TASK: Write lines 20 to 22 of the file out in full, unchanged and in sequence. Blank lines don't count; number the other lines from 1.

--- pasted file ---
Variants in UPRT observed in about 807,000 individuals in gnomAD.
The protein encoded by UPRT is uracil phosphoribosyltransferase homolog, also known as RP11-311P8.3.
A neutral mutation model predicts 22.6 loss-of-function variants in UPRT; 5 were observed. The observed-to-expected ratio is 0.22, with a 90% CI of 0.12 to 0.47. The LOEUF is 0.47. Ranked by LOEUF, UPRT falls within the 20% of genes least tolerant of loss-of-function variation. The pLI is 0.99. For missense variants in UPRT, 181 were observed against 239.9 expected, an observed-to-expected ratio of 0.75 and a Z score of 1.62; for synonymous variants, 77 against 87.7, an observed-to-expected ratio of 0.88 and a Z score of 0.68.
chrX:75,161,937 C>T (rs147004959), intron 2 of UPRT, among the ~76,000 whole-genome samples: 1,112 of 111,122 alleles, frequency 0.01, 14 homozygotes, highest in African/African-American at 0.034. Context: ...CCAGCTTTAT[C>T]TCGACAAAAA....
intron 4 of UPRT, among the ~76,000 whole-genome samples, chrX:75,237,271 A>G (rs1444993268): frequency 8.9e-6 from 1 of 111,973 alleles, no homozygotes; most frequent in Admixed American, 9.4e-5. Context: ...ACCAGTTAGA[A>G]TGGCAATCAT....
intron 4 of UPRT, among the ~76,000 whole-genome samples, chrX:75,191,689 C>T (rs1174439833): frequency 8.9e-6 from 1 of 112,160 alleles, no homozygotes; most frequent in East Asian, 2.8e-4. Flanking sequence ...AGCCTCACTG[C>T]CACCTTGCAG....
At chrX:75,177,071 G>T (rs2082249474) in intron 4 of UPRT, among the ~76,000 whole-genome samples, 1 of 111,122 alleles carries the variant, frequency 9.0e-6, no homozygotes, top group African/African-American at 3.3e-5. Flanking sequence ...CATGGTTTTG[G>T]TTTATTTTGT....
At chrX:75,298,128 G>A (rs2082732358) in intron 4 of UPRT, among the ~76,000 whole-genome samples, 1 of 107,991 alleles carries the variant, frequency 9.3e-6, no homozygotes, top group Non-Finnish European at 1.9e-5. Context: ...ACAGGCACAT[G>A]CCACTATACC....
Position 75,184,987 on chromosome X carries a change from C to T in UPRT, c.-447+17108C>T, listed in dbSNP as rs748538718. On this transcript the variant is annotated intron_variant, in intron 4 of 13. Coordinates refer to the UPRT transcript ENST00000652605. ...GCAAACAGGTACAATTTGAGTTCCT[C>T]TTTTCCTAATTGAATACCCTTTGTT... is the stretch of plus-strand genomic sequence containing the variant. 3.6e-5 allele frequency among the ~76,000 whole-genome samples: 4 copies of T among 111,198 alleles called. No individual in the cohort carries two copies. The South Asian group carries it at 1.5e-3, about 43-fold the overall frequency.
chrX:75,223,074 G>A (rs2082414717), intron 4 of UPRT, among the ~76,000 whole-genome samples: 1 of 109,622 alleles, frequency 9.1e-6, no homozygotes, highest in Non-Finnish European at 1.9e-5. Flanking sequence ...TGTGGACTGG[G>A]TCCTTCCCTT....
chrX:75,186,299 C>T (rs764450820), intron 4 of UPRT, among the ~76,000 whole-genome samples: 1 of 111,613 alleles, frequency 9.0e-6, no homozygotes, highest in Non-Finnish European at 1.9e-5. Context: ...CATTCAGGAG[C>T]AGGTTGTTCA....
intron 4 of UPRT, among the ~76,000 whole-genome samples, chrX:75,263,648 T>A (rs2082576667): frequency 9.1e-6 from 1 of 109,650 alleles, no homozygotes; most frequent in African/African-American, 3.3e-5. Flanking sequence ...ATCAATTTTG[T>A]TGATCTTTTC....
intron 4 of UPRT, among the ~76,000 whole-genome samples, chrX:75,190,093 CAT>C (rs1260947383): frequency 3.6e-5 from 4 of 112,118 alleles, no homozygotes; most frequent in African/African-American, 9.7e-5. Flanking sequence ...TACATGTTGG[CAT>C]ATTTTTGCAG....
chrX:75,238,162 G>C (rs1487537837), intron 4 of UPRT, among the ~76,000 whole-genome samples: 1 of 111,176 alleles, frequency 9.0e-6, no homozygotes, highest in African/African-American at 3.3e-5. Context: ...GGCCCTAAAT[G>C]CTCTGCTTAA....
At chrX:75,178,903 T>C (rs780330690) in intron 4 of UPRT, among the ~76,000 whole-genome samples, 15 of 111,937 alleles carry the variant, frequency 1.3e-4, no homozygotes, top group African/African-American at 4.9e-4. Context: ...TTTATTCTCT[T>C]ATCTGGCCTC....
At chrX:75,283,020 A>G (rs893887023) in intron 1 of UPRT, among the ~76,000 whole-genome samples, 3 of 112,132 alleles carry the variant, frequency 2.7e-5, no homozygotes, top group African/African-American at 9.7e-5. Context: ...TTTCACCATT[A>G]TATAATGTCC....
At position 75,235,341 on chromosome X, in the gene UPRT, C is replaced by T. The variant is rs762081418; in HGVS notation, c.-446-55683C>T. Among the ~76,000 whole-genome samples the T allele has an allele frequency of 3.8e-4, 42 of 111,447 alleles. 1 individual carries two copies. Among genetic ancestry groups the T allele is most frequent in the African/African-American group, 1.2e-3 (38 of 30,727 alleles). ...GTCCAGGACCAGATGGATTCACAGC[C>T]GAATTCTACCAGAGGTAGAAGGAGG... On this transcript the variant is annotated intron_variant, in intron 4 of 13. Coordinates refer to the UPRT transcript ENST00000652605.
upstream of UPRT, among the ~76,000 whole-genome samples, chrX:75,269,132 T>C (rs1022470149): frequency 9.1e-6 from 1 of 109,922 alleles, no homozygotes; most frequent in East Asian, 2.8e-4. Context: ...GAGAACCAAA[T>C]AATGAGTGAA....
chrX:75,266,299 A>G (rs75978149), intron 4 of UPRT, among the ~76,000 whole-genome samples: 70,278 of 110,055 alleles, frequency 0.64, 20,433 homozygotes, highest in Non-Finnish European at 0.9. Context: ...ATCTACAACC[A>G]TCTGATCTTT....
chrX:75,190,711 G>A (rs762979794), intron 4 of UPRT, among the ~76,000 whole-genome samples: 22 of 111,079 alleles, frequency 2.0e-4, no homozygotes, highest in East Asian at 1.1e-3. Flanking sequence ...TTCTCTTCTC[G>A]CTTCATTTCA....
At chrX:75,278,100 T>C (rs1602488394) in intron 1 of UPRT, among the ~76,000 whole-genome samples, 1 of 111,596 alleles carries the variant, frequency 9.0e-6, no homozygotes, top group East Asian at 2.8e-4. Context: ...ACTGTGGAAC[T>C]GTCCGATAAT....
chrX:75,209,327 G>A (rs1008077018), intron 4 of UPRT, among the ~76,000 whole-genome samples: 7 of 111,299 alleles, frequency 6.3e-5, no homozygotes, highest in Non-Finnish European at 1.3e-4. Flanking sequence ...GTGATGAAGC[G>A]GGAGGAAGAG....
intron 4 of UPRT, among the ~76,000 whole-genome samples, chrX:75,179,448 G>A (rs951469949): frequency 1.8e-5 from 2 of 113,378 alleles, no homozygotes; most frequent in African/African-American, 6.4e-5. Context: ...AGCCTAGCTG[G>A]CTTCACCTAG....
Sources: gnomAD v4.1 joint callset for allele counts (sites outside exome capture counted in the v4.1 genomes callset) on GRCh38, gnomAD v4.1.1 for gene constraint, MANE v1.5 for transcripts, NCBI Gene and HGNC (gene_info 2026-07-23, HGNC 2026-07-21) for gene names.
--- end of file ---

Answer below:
chrX:75,190,711 G>A (rs762979794), intron 4 of UPRT, among the ~76,000 whole-genome samples: 22 of 111,079 alleles, frequency 2.0e-4, no homozygotes, highest in East Asian at 1.1e-3. Flanking sequence ...TTCTCTTCTC[G>A]CTTCATTTCA....
At chrX:75,278,100 T>C (rs1602488394) in intron 1 of UPRT, among the ~76,000 whole-genome samples, 1 of 111,596 alleles carries the variant, frequency 9.0e-6, no homozygotes, top group East Asian at 2.8e-4. Context: ...ACTGTGGAAC[T>C]GTCCGATAAT....
chrX:75,209,327 G>A (rs1008077018), intron 4 of UPRT, among the ~76,000 whole-genome samples: 7 of 111,299 alleles, frequency 6.3e-5, no homozygotes, highest in Non-Finnish European at 1.3e-4. Flanking sequence ...GTGATGAAGC[G>A]GGAGGAAGAG....